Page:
An environmentalist watches the controversial “Mother!”

“Mother!”, directed by Darren Aronofsky, is set in one house and structured around Jennifer Lawrence’s character ‘Mother’, whose one task is to turn the place into a “paradise” while her poet husband (Javier Bardem) suffers from writer’s block. As more and more strangers invade their private home, their relationship struggles. He welcomes them, is the force of change; she is utterly stressed by them, and the film ends in chaos. A psychological thriller – not a horror as depicted in the jump-scare adverts.

The meaning of the film remains ambiguous: a comment on celebrity, misogyny, or even a retelling of the creation story. Aronofsky has said his film is a “snapshot of the world” but has been cautious to over-explain: ultimately it is easily explained from the environmentalist perspective.

Once you believe the theory that Lawrence is Mother Earth, protector and the stasis of the house or world, and Bardem is a God-like figure, the other elements simply fall into place. The strangers are irresponsible over-consumers, for instance. The floods, the fire, the apocalyptic horror, are all there.

The cinematography is perhaps the most profound and even intuitive aspect: every other shot is of Lawrence’s face, forcibly connecting the audience to her. You feel every ounce of her paranoia, and the 10 minutes of calm before the storm is the only break you’re afforded.

Simplicity makes this film. Aronofsky cuts out names or context, emphasising the melodramatic concern, loss and power of being someone who cares about their environment. Despite the predictability of Jennifer Lawrence’s typecasting, I fell in love with Mother!. When her character places doubt upon Bardem’s God-like character, she reigns. The story is about her ascent of power amidst chaos, which is pretty inspiring for any activist that feels the weight of institutional barriers. Then (not to spoil too much) her courage and wisdom despite intense trauma. As Aronofsky has said, she is “a woman who is asked to give and give and give until she can give nothing more”.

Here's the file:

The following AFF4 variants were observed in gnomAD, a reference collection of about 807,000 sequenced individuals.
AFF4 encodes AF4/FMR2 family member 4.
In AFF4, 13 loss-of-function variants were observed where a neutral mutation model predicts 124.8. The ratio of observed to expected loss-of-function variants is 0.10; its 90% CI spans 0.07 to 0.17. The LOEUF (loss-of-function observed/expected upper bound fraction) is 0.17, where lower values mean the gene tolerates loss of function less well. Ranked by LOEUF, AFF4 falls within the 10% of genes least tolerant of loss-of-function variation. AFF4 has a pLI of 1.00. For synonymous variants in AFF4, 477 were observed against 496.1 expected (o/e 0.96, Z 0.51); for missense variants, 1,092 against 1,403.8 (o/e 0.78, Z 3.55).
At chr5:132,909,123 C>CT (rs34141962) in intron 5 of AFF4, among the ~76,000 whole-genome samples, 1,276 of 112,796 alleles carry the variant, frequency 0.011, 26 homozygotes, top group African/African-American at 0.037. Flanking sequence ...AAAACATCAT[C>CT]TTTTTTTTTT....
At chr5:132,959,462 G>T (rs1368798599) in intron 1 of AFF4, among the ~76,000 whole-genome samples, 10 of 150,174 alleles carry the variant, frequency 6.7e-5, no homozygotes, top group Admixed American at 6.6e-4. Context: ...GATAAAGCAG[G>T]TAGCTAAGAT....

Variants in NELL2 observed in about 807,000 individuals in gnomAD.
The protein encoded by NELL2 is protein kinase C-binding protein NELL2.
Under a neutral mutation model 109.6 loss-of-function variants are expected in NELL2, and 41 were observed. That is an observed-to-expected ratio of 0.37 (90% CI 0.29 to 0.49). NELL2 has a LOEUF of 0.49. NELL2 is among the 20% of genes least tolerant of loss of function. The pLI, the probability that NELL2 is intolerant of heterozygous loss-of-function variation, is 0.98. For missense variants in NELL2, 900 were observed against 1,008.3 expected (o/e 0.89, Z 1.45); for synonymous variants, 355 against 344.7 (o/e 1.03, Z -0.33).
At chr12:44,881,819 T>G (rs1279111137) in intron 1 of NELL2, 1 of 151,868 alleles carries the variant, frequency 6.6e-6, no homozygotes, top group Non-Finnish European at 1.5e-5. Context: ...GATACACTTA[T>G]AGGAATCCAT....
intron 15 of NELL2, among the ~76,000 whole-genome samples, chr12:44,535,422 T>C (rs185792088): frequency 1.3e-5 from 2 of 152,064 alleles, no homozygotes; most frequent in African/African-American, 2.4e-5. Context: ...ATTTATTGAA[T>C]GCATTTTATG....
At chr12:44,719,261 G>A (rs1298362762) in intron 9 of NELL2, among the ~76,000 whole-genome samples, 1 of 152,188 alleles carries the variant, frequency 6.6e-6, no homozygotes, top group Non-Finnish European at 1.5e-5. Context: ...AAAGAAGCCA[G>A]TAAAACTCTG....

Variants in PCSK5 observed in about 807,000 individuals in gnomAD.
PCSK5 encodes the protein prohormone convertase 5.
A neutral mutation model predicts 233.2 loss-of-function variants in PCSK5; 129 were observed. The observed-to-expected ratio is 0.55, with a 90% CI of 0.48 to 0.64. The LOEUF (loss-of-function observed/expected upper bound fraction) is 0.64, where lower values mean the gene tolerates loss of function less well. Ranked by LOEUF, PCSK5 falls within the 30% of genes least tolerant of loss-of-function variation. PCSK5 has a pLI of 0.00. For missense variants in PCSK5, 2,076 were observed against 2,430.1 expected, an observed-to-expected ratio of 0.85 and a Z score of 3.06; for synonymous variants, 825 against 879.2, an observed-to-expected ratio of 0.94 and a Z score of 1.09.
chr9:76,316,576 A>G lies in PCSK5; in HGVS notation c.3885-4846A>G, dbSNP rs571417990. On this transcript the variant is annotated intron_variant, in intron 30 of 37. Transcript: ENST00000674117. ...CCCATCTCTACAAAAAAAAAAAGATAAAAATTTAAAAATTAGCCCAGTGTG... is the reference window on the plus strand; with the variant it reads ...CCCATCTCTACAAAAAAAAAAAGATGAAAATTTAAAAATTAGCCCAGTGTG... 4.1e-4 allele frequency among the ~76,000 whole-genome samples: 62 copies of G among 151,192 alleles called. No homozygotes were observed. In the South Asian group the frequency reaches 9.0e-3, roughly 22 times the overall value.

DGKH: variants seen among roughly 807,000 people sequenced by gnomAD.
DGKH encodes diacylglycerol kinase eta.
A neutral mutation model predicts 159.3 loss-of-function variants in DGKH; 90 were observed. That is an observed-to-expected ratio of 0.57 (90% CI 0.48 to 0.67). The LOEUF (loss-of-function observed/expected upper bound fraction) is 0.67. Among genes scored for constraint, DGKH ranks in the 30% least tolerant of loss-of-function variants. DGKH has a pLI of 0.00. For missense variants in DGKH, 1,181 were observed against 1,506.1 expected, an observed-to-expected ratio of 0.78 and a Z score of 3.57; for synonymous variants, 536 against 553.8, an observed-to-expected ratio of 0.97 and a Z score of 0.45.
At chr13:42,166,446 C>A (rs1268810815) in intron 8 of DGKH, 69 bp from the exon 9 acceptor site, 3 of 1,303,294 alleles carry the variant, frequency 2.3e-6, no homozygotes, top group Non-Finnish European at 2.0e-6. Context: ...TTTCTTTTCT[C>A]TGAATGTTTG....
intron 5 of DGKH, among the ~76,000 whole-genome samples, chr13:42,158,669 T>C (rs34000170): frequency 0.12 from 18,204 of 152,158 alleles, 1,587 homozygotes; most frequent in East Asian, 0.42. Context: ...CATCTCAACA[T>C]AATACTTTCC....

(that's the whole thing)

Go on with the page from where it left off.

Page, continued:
So I don’t believe “Mother!” has many messages other than to listen. It is less about the often heavy pretension of metaphor, and more about the heavy self-righteousness (or some might say, anxiety-stricken activism) of environmentalism. We’re in chaos, he is saying, and we are all the awful idolising, irresponsible humans that cannot help to disrupt the peace of natural order. If “Mother!” is not about the climate change crisis, it’s definitely melodramatic. If it is, it’s demanding your attention. Criticisms of preachiness are not very astute. The question is: will the global climate crisis, according to Aronofsky’s biblical vision, be biblically solved by its victims or by its perpetrators – by those that trespass, are entitled, or by those who belong? An environmentalist should clearly answer: all.

Unaware of this interpretation, this film is bleak for the sake of it, too open to interpretation to be able to warm to. From my own perspective, it’s just not proper activism if Aronofsky wants it to be labelled as that. We know from the lacklustre reception of James Cameron’s “Avatar”, for example, that simple, provocative, environmentalist films do not operate in a motivating way. “Mother!” goes one step further: it portrays any of those that sympathise with the natural order as martyrs rather than heroes, which is understandably not an attractive prospect. Though it could be the reality.

I’d recommend seeing it on a Sunday afternoon. Maybe take a friend who hasn’t seen any interviews or reviews, and watch as they fall into frustration, or panic, whisper “fake deep”, or walk out of the cinema. But for an environmentalist, this was refreshingly powerful.


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